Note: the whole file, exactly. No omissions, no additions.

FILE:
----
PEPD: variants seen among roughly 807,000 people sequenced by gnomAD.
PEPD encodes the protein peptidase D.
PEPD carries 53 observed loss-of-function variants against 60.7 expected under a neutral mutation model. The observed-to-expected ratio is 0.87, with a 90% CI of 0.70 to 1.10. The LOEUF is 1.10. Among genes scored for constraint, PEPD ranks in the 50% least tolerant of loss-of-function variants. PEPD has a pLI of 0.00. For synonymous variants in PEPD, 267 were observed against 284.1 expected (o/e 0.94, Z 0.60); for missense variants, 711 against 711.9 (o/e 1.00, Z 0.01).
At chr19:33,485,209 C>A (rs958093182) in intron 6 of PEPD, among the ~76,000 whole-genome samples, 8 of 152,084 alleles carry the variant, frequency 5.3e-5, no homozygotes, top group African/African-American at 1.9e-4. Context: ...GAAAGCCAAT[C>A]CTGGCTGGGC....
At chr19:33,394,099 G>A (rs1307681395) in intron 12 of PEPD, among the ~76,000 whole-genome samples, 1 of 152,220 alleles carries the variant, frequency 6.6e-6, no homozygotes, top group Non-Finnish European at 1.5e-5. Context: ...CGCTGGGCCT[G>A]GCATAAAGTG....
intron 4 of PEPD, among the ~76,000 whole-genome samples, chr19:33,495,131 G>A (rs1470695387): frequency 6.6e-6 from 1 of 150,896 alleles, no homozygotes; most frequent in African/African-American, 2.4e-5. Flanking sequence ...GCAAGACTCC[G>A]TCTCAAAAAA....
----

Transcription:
PEPD: variants seen among roughly 807,000 people sequenced by gnomAD.
PEPD encodes the protein peptidase D.
PEPD carries 53 observed loss-of-function variants against 60.7 expected under a neutral mutation model. The observed-to-expected ratio is 0.87, with a 90% CI of 0.70 to 1.10. The LOEUF is 1.10. Among genes scored for constraint, PEPD ranks in the 50% least tolerant of loss-of-function variants. PEPD has a pLI of 0.00. For synonymous variants in PEPD, 267 were observed against 284.1 expected (o/e 0.94, Z 0.60); for missense variants, 711 against 711.9 (o/e 1.00, Z 0.01).
At chr19:33,485,209 C>A (rs958093182) in intron 6 of PEPD, among the ~76,000 whole-genome samples, 8 of 152,084 alleles carry the variant, frequency 5.3e-5, no homozygotes, top group African/African-American at 1.9e-4. Context: ...GAAAGCCAAT[C>A]CTGGCTGGGC....
At chr19:33,394,099 G>A (rs1307681395) in intron 12 of PEPD, among the ~76,000 whole-genome samples, 1 of 152,220 alleles carries the variant, frequency 6.6e-6, no homozygotes, top group Non-Finnish European at 1.5e-5. Context: ...CGCTGGGCCT[G>A]GCATAAAGTG....
intron 4 of PEPD, among the ~76,000 whole-genome samples, chr19:33,495,131 G>A (rs1470695387): frequency 6.6e-6 from 1 of 150,896 alleles, no homozygotes; most frequent in African/African-American, 2.4e-5. Flanking sequence ...GCAAGACTCC[G>A]TCTCAAAAAA....